Devon Life Making Silage

24th September 2018

Earlier in the year we took back about eight acres of fields which were being rented out to a neighbouring farmer. We had decided to get some Greyface Dartmoor sheep, we didnt want these in with the ‘pet sheep’ so needed some new paddocks.
With some help from a neighbour we fenced off our fields and created two new large paddocks. We then had to wait for the contractors to come in and sow the grass seed. This was a bigger job than I thought as they first ploughed the land, raked it, rolled it, raked it again, sowed the seed and then rolled it again.
All we needed then was some rain to start it growing. Unfortunately, they finished sowing the seed at the time when we had no rain for about eight weeks. For once we were wanting rain!
Eventually the rained arrived and the grass did start to grow. The grass carried on growing and we had too much. So, we decided to make silage out of the larger paddock and the smaller one has a neighbours sheep in it as we are still waiting for our new ones.

Moorparks-silage in-rows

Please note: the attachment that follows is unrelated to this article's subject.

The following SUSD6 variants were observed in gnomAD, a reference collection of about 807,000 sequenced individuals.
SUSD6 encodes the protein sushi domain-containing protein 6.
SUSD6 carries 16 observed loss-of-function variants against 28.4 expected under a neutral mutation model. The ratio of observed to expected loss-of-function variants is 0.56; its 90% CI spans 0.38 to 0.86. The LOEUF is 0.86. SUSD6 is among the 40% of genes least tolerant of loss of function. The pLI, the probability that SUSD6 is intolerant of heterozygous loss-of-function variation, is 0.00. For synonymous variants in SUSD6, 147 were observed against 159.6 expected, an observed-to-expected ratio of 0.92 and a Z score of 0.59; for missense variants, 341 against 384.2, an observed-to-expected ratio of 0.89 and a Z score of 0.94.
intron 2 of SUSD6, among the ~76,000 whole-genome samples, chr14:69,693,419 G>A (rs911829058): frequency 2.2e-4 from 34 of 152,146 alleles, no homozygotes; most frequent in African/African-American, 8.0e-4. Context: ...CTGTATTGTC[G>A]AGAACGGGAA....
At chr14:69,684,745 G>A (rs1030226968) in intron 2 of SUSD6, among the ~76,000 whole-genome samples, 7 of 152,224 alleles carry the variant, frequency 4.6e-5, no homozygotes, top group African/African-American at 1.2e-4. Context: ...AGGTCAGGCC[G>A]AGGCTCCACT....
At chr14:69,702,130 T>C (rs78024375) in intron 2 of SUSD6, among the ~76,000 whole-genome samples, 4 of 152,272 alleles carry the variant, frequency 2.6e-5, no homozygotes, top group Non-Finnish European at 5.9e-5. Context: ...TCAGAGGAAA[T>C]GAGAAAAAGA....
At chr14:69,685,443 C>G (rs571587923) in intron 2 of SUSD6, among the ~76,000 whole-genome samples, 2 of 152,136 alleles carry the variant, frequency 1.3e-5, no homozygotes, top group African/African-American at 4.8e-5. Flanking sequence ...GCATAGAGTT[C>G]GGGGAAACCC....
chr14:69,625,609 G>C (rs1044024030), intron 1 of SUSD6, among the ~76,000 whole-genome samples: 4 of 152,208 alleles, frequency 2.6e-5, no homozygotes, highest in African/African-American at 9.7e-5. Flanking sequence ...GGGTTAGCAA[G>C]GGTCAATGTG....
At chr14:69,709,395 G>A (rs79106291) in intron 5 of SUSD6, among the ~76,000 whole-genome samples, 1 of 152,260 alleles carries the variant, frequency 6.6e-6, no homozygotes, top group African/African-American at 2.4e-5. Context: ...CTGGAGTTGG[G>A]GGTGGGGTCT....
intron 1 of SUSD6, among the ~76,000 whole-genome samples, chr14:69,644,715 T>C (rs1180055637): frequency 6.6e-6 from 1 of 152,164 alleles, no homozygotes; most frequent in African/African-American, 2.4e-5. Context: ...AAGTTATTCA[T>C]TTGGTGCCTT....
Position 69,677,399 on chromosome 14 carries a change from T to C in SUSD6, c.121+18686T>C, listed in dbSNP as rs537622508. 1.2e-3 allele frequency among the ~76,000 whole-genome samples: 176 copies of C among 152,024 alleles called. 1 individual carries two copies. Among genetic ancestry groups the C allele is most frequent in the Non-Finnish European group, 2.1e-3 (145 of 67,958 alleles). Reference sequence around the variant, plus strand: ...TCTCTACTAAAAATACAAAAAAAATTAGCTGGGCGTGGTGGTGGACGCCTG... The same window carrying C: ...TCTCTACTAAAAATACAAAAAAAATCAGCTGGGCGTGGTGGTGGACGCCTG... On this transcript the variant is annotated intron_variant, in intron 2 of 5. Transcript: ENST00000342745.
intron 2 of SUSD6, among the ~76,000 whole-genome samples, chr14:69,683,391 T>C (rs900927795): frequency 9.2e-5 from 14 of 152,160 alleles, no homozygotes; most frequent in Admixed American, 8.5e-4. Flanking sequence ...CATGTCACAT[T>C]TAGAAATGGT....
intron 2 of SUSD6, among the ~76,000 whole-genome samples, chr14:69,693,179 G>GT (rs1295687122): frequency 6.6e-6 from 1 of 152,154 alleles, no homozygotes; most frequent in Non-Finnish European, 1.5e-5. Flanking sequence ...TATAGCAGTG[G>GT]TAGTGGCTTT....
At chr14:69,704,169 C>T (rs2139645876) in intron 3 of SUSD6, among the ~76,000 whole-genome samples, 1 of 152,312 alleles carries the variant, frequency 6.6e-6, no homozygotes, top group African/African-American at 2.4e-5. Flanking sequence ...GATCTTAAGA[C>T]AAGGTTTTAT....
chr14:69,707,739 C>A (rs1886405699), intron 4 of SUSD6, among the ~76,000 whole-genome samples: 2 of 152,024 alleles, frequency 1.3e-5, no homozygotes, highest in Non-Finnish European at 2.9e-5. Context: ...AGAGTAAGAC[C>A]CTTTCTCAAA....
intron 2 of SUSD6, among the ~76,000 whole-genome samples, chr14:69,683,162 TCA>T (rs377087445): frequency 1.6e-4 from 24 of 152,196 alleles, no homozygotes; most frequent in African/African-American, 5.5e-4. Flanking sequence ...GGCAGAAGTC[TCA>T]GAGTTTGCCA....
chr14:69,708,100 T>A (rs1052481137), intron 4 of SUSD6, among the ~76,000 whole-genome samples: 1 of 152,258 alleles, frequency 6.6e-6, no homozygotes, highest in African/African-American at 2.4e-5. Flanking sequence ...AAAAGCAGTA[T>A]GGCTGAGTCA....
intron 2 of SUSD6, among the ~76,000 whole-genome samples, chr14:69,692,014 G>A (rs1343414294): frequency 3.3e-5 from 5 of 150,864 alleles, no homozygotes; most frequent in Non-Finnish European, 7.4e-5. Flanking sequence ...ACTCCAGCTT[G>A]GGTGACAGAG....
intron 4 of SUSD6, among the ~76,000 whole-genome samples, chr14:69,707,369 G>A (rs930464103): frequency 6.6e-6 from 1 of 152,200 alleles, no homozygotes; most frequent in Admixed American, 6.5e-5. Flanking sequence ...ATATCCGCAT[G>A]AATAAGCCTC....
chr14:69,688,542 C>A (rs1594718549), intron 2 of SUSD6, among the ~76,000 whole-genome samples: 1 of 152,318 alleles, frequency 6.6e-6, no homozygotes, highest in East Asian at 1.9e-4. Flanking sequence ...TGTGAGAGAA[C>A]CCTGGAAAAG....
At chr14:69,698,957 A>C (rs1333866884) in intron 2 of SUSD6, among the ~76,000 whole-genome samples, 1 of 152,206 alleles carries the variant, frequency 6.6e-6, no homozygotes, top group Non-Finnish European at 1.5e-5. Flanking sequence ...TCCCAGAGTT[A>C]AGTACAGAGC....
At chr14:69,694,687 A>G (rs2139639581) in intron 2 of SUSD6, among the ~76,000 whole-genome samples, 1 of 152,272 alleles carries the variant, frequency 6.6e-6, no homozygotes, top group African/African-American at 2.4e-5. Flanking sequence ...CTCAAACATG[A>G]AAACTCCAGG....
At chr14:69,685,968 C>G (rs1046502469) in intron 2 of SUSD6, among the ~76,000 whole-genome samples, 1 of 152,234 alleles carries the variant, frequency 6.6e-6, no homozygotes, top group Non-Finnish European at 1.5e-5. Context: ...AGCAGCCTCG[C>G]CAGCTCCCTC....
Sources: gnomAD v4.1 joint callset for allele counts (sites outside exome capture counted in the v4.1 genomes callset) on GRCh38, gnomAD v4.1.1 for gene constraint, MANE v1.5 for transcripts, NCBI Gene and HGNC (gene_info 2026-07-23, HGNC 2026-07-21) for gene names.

Grass cut, in rows ready for spreading

What is silage ?
Its just long grass which is cut and bailed and then wrapped in plastic sheeting to stop the air getting into it.
The grass was new, fresh and long.
Mr Woolley came along with his tractor and in about 40 minutes the field was cut and in neat rows.
Two days later Mr Woolley was back to spread the grass, just to let it dry a little.

All baled and waiting for collection.

The bales were loaded up onto a trailer and then taken back to the farm for wrapping. These bales will be used to feed cattle over the winter period and in exchange we will receive some hay to feed our sheep.

Moorparks first silage bale.

And just for a sense of scale, Michele is here modelling a 2018 silage bale. The bales are compressed and extremely heavy. One round bale is equal to approx. 25 of the standard rectangular bales.